Jul/Aug 2008  •   Reviews & Interviews

Seeking Lost Friends

Review by Colleen Mondor

Reasonable Doubts.
Gianrico Carofiglio.
Translated by Howard Curtis
Bitter Lemon. 2007. 249 pp.
ISBN 1-904738-24-9.

The Streets of Babylon.
Carina Burman.
Translated by Sarah Death.
Marion Boyars. 2008. 288 pp.
ISBN 0-7145-3138-0.

Gianrico Carofiglio continues his series of legal thrillers with his latest Guido Guerrieri title, Reasonable Doubts. These are not mysteries (or even thrillers) in the traditional sense; while there is certainly a level of tension throughout as Guerrieri tries to get to the truth, there are no car chases or late-night episodes of running for your life. Instead the author dwells more on thoughtful consideration of the right thing to do and the nasty backroom deal-making that is so prevalent in society but rarely exposed. Guerrieri does tread on some dangerous territory, but the bigger concerns are for his soul, or at least his morals, in this new book. The question he must answer, while trying to prove his client innocent, is what kind of man he chooses to be. Pretty heavy literary stuff, but Carofiglio pulls it off wonderfully, with the wry sense of humor and world weariness that readers have come to expect from this character.

The mystery is fairly straightforward: Fabio Paolicelli was returning from vacation with his wife and daughter when his vehicle was searched at the border and a large number of illegal drugs were discovered. Paolicelli admitted guilt and received a harsh sentence. Now his wife wishes to hire Guerrieri to prove her husband innocent. They both admit that he pleaded guilty merely to protect his family (there was a suggestion that his wife would be charged as well) and his initial attorney was someone they had never met who, in retrospect, seemed to have come to their aid for some rather unsavory reasons. Guerrieri must decide if he can believe his client and from there figure out just who took advantage of his car and loaded it up with the drugs. Things get complicated pretty quickly, though, when Guerrieri recognizes Paolicelli as a bully from his childhood and doesn't really want to help him; it gets even worse when he can't get the wife out of his mind and she seems to feel the same way.

Yeah, you can see where all this is going.

The drug trail is complicated but the author lays it out perfectly as Guerrieri works to uncover the true criminals while still remaining uncertain as to how far he wants to take the case. Along the way he exhibits his trademark sly wit and makes several pop culture references that will likely amuse American readers. (Ben Grimm, Schwarzenegger, and The Twilight Zone for just a few). Guerrieri is also a particularly literary character (he reminds me a bit of Spenser in that way) and mentions James Joyce, The Long Goodbye and Grace Paley, among others. Heck—this is a character who mentions Bob Dylan's "Hurricane" at one point. While the book is certainly set in Italy, American readers will feel right at home and likely fall as hard for Guido Guerrieri as I have.

Switching gears a bit, (and changing countries), with The Streets of Babylon Carina Burman has written a mystery about a Swedish novelist who must find her missing companion in 1851 London. Euthanasia Bondeson is an independent woman of a certain age (near forty) who has traveled to London to meet with her publishers and continue a pleasant research trip on a new novel. She and her companion Agnes make some society friends at the Great Exhibition and Euthanasia seems to develop some romantic feelings for one of them, but an afternoon tour of the British Museum ends in catastrophe when Agnes goes missing. As the hours go by and it becomes clear that she has not simply gotten lost, Euthanasia finds herself forced to consider that the very beautiful Agnes has been kidnapped. She files a report and, along with Welsh police inspector Owain Evans, begins an investigation into the seamier side of London. The search for Agnes takes her from the homes of the very wealthy to a "molly" house populated by transvestites. She meets a man of God, some prostitutes and a middle class matron who hides a family secret. Nothing is as it seems as Euthanasia and Owain steadfastly follow Agnes' trail. Our protagonist never falters in her determination to discover what happened, however, and capture the perpetrator of this dastardly crime.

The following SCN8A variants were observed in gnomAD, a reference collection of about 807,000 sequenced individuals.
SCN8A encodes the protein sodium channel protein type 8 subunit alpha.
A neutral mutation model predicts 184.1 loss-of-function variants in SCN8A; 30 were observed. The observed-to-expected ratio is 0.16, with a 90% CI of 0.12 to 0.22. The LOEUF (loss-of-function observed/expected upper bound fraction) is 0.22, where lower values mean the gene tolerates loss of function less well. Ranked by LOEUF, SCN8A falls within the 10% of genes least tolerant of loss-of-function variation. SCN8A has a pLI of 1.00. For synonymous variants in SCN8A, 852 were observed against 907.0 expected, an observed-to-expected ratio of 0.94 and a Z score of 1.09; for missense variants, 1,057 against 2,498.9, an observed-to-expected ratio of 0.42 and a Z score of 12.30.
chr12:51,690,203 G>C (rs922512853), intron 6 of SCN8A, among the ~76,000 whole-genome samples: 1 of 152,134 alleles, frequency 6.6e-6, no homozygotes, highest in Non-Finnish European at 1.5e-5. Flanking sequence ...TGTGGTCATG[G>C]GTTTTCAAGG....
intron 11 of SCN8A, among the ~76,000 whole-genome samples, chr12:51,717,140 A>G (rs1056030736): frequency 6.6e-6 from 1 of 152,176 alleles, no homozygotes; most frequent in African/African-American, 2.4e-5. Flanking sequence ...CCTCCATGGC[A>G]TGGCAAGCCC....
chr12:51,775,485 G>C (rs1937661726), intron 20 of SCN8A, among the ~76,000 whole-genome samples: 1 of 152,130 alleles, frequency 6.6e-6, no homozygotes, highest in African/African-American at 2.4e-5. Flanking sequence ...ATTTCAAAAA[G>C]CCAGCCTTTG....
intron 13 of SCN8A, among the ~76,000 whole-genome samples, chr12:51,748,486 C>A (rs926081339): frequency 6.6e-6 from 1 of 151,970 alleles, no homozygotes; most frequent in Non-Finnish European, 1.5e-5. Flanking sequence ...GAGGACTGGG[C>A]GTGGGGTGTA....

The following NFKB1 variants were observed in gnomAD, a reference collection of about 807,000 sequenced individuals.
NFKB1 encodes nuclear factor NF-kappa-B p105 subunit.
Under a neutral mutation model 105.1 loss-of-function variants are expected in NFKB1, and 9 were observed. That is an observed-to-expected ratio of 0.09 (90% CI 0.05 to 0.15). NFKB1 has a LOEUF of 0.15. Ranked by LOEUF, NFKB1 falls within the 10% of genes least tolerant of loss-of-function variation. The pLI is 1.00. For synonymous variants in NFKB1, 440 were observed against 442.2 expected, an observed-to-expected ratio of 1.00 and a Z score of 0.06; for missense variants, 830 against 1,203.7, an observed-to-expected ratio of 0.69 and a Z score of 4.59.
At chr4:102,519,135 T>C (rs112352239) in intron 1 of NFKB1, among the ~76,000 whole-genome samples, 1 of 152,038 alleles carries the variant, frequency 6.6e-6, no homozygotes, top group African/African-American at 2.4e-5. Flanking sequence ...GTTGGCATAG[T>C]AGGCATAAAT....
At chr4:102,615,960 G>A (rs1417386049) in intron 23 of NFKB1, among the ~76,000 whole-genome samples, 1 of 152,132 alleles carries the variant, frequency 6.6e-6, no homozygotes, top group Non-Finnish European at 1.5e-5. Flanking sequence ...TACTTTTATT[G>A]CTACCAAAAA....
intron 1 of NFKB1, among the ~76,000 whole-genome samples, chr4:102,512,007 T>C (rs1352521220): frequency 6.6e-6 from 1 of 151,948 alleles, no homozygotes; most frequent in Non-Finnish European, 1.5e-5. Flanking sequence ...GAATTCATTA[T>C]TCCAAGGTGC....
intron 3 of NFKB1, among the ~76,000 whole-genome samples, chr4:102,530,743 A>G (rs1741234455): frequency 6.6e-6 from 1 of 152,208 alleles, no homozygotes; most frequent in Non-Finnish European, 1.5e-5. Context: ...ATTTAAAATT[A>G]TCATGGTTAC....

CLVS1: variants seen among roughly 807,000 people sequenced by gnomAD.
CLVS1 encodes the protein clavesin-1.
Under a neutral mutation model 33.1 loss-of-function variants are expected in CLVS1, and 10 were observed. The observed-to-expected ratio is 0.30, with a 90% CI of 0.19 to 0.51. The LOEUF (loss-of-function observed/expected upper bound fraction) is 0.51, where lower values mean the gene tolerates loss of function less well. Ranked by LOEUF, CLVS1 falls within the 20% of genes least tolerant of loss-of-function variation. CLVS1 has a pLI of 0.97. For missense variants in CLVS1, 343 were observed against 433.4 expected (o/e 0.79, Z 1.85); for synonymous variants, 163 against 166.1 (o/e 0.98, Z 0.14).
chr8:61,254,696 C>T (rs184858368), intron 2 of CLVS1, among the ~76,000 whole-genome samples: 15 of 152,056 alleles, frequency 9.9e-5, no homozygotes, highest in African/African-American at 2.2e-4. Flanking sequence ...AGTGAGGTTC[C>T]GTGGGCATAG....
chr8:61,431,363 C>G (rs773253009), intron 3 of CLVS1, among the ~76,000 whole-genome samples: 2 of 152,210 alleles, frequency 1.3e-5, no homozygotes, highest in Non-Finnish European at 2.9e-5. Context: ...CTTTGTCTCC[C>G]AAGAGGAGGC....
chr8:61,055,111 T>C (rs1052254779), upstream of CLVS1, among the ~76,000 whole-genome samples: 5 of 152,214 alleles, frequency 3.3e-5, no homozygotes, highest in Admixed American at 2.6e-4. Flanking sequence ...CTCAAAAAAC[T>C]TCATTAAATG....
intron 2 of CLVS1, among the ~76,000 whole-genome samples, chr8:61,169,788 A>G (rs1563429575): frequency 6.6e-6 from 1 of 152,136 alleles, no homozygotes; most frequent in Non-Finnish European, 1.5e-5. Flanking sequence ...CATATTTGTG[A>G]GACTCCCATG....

She is so totally Amelia Peabody as a Swedish novelist that I really could hardly contain my joy.

There is a lot to enjoy in The Streets of Babylon, from the wonderful job Burman does of creating the physical and social atmosphere to the delight of her protagonist, a character who is both sensible and, when it comes to the novel she writes throughout the book, decidedly eccentric. She is certainly fearless and unconventional (donning male attire when necessary) but also quite confident that if Agnes is alive, she will do all she can to survive until Euthanasia can find her. These are not the kind of women to faint away at the first sign of trouble, and to refer to them as "plucky" would be a severe understatement. Euthanasia is vividly portrayed and of high intelligence; she's also not above the occasional kiss with an appealing man when the opportunity arises (shades of Peabody yet again). But characters are only part of the appeal here as the plot spins across the city and in more than one direction. There are villains aplenty in mid-19th century London and Euthanasia seems to meet more than her share. Fortunately she is plenty capable enough to take on the bad guys (and finish writing her work-in-progress). I was quite pleased to discover the work of Carina Burman with Streets of Babylon and look forward to more books with this wonderful character.


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